Why we need a national food strategy – Lindy Nelson:
Lindy Nelson says now is the time to come together to form a national food strategy and shape the future of New Zealand.
Belonging is a fundamental human need. When this need is not met, it is hard to feel a sense of purpose. Right now, farmers and food producers are starting to feel they belong again; they have a clear sense of purpose – to feed the nation and deliver economic stability.
The things that have threatened to divide urban and rural New Zealand – water, environment, reaching Carbon Zero – have faded for the time being as we have developed a more intimate awareness of our interdependence.
Food is vital for sustaining life. During the past few weeks, we have begun to realise just how much it shapes our sense of self, family and community and forms part of our cultural identity. . .
Farmer picked for National in Wairarapa – Peter Burke:
The man who led the Fifty Shades of Green campaign is now going to be advocating for the one shade of blue – the National Party.
Mike Butterick, a Wairarapa sheep and beef farmer and Feds Meat and Fibre chair in the region, has been selected as the National candidate for the region. He beat off two other nominees including Mark Bridges, the brother of former leader Simon Bridges.
Butterick has been a vocal critic of plans to convert livestock farms to forestry and was one of the leaders of a protest at parliament on this subject last year. He replaces Alastair Scott who has held the seat since 2014 and is standing down at the election. . .
The Kiwifruit industry is being given a huge vote of confidence, with stunning prices being paid for gold kiwifruit licences this year.
Each year Zespri releases new gold licences, and this year 700 hectares was up for grabs.
Successful bidders have been told the lowest price paid for a gold licence was $378,000 a hectare. That’s $100,000 more than last year’s lowest price. . .
Stu and Kim Muir take the long-term view of working their dairy farm in the Waikato River delta – the tangle of waterways, islands and wetlands close to the river mouth on the west coast.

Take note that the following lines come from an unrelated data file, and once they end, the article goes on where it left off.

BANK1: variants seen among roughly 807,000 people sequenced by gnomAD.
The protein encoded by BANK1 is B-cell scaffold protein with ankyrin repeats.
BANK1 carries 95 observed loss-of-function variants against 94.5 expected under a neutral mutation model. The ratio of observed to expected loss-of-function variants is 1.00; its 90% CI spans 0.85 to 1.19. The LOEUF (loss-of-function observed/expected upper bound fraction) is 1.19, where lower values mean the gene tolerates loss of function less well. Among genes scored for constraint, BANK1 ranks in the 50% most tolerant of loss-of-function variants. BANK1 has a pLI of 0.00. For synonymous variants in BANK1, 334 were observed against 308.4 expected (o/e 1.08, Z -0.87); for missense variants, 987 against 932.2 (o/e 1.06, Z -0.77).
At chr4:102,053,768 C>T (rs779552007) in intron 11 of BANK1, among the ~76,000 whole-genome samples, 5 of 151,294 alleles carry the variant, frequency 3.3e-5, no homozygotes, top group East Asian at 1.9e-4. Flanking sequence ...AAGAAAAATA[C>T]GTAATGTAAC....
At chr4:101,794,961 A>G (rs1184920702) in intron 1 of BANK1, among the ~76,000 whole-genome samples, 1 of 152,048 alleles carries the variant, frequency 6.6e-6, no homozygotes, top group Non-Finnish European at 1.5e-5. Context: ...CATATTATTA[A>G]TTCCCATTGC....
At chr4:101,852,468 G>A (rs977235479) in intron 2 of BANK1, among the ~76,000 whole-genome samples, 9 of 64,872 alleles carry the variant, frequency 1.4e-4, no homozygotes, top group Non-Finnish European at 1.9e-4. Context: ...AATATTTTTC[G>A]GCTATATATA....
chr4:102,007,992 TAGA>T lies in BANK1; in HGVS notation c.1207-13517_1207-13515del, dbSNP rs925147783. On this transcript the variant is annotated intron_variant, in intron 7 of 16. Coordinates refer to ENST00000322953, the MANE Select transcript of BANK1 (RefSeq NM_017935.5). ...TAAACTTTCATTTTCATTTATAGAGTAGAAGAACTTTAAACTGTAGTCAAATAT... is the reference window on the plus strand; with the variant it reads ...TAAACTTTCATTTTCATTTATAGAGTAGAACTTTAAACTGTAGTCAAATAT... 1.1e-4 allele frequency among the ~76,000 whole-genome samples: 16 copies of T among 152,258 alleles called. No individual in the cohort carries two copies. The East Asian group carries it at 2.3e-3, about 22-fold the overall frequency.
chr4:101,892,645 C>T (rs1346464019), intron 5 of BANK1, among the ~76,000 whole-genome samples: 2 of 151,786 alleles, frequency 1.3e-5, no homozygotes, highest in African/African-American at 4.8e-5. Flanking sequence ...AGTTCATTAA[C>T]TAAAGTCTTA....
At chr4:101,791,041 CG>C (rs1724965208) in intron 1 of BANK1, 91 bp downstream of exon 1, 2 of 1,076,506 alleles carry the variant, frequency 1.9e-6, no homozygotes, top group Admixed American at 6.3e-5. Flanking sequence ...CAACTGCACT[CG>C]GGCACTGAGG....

“In the farming community, we usually think everything that’s done on the farm has an impact three months, six months, or a year ahead. We’re thinking six or seven generations ahead,” Stu says.
His family have been farming in New Zealand since the 1850s. His great-great grandparents bought the present property in the 1890s; Stu and Kim’s children are the sixth generation to live and work on the land. . .
Wool plan delays frustrate sector – Annette Scott:
Frustration has set in as wool industry stakeholders await the release of a Government report they fear has lost momentum to pull the industry out of its doldrums.
In July 2018 the Wool Working Group (WWG) was tasked by Agriculture Minister Damien O’Connor with creating a sustainable and profitable wool industry action plan to revitalise the languishing sector.
Now wool industry stakeholders claim the work, due to be completed last September, is not happening fast enough. . .
New study: climate impact of grazing cattle over estimated – Dr David Whitehouse:
The climate impact of grass-fed cattle may have been exaggerated as scientists find emissions of a powerful greenhouse gas from certain types of pasture are lower than previously thought.
Researchers from Rothamsted Research found urine from animals reared on pasture where white clover grows – a plant commonly sown onto grazing land to reduce the need for additional nitrogen fertiliser – results in just over half the amount of nitrous oxide previously assumed by scientists to be released. Nitrous oxide is a potent greenhouse gas some 265 times more harmful than CO2 and can account for 40% of beef supply chain emissions.
Co-author of the study, Dr Laura Cardenas said:
“Due to technical and logistical challenges, field experiments which measure losses of nitrous oxide from soils usually add livestock faeces and urine they have sourced from other farms or other parts of the farm, meaning that the emissions captured do not necessarily represent the true emissions generated by the animals consuming the pasture.”